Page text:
Including $25 million in supply chain transformation benefits achieved in fiscal 2022, SpartanNash expects a total of $125 million to $150 million through fiscal 2025.
“We’ve launched and made significant progress on our transformational initiatives, and we are advancing our long-term strategic plan with our go-to-market strategy,” said Monaco. “This step further bolsters our confidence in achieving our long-term goals.”
Retail banner consolidation makes strides
Sarsam also reported promising early results for SpartanNash’s retail banner consolidation program, citing strong feedback from shoppers and sales lifts at converted stores.
In November, at its first-ever Investor Day event, SpartanNash unveiled a plan to consolidate retail banners for its corporate-owned supermarkets from about a dozen to four as part of an accelerated growth strategy.
With the move, the company said it aims to create a three-tier retail structure: a conventional supermarket segment under the Family Fare banner, an upmarket segment under the Martin’s Super Markets and D&W Fresh Market banners, and an ethnic segment under the Supermercado Nuestra Familia banner. At the time, SpartanNash had already been changing over some stores to Family Fare. Two stand-alone locations in Michigan, Forest Hills Foods and Ada Fresh Market by Forest Hills Foods, also are slated to remain.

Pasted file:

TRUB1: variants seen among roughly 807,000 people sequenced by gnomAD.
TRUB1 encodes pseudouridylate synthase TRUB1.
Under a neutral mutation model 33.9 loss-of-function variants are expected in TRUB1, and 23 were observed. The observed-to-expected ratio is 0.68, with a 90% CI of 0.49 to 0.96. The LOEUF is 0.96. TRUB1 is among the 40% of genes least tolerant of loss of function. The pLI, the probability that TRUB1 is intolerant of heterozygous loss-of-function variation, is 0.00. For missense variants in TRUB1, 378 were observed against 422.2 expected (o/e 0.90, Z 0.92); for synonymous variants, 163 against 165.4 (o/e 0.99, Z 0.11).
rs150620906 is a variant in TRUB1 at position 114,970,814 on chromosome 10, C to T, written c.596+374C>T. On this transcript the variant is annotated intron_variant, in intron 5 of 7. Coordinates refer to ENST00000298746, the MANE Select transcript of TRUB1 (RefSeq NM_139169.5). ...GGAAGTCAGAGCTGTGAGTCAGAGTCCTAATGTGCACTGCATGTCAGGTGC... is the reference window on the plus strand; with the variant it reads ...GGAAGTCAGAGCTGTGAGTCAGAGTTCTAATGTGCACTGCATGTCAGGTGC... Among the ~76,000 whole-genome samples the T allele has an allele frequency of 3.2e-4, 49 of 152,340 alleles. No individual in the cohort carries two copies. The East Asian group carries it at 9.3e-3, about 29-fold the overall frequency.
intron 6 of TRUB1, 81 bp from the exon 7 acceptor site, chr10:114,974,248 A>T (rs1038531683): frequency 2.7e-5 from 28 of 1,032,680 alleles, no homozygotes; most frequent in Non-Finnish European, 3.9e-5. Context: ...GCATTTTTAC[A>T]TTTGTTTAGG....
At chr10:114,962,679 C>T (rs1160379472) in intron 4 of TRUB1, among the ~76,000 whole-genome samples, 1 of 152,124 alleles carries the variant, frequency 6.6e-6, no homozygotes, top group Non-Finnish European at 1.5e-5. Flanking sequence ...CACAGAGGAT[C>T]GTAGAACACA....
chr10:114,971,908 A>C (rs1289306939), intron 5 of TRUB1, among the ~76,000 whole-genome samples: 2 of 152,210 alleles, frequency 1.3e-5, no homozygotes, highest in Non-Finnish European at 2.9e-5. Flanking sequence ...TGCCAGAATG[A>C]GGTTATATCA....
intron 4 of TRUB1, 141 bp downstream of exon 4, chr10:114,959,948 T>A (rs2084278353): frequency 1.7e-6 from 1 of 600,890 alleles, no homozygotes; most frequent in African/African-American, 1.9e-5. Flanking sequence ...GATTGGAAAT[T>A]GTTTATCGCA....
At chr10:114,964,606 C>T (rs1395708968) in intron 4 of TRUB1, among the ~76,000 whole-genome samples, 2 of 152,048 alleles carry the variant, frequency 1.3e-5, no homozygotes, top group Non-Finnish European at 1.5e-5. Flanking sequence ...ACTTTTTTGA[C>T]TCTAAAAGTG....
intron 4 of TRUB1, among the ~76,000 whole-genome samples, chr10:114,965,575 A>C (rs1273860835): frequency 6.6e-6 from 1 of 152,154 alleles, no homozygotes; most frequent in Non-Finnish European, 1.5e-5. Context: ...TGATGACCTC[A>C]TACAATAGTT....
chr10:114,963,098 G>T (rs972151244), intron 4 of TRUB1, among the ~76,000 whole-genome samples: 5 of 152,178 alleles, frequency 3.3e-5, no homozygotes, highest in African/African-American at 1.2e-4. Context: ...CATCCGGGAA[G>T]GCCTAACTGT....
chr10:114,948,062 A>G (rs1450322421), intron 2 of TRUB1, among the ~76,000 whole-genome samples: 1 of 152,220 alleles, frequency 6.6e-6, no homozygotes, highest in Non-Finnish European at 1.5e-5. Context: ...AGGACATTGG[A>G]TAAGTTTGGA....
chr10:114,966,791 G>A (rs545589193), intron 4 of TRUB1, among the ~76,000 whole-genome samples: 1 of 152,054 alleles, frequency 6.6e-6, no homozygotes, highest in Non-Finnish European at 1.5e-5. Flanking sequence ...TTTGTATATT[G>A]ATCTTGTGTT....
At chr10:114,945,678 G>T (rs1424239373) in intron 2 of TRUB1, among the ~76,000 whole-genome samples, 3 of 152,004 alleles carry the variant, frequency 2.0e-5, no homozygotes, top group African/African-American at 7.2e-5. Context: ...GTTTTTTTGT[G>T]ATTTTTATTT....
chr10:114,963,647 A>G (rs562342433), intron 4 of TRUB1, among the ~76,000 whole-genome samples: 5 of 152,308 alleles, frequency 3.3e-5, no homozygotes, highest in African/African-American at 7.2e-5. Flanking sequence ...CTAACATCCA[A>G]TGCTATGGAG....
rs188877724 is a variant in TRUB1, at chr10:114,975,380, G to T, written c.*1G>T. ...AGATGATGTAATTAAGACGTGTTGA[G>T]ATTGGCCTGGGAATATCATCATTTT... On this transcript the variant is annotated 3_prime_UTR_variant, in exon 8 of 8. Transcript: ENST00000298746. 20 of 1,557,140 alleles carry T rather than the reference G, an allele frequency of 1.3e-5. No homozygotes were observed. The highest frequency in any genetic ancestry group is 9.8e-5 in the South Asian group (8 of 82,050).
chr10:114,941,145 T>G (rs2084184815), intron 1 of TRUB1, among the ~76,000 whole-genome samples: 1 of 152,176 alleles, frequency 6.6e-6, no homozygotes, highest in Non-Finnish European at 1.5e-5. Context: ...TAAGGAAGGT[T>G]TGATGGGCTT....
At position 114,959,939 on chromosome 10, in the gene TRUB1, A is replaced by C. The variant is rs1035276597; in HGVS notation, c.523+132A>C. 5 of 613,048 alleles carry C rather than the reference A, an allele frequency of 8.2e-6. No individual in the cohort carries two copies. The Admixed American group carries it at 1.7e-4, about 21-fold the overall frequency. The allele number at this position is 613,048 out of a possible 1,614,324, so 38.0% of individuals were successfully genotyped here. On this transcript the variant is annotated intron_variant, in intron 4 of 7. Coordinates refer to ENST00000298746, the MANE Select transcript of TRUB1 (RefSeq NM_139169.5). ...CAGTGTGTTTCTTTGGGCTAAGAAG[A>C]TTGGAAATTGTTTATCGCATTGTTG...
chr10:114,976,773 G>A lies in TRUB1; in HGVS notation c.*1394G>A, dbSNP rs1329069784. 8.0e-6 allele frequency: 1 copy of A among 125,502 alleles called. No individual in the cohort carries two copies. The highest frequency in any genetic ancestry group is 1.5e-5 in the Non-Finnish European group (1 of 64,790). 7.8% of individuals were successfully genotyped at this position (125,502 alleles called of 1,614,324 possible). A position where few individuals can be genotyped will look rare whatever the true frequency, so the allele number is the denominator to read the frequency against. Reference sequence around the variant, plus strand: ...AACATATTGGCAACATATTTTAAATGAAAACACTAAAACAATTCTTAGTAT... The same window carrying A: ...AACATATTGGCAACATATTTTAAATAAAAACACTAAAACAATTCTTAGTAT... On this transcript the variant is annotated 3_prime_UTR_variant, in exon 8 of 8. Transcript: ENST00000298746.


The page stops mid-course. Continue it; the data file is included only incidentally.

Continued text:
Late last month, SpartanNash reported that its No Frills, Sun Mart and Dan’s Supermarket grocery retail banners have been folded into its flagship Family Fare banner. Seven stores in Nebraska already had been remodeled to the Family Fare format, and another five conversions are due to be completed in North Dakota by the end of summer.
“Another highlight from the quarter relates to our retail banner consolidation work. As we announced last month, we consolidated three brands representing 8% of our store base. These stores were remodeled and rebannered as Family Fare, our flagship retail banner. Shoppers are embracing the enhanced store experience and new loyalty program,” Sarsam said in the Q2 call.
The banner consolidation also will end up refreshing a chunk of SpartanNash’s owned-and-operated supermarkets and, so far, has shown share-building potential.
“Our investments are accelerating growth and delivering bottom-line benefits. Overall, our rebanners and remodels continue to drive double-digit sales growth,” according to Sarsam. “Although a small sample of our total, the upmarket stores that were remodeled last year continued to experience an average sales lift of 17% year over year. Banner consolidation is part of our long-term strategic plan, which leverages the strength and equity of our brands for growth and operational efficiency. As part of the plan, we remain on target to remodel or refresh 25% of our stores.”
Currently, SpartanNash runs 144 stores—mainly under the Family Fare, Martin’s and D&W banners—in Michigan, Nebraska, Indiana, North Dakota, Minnesota, Wisconsin, Iowa, South Dakota and Ohio.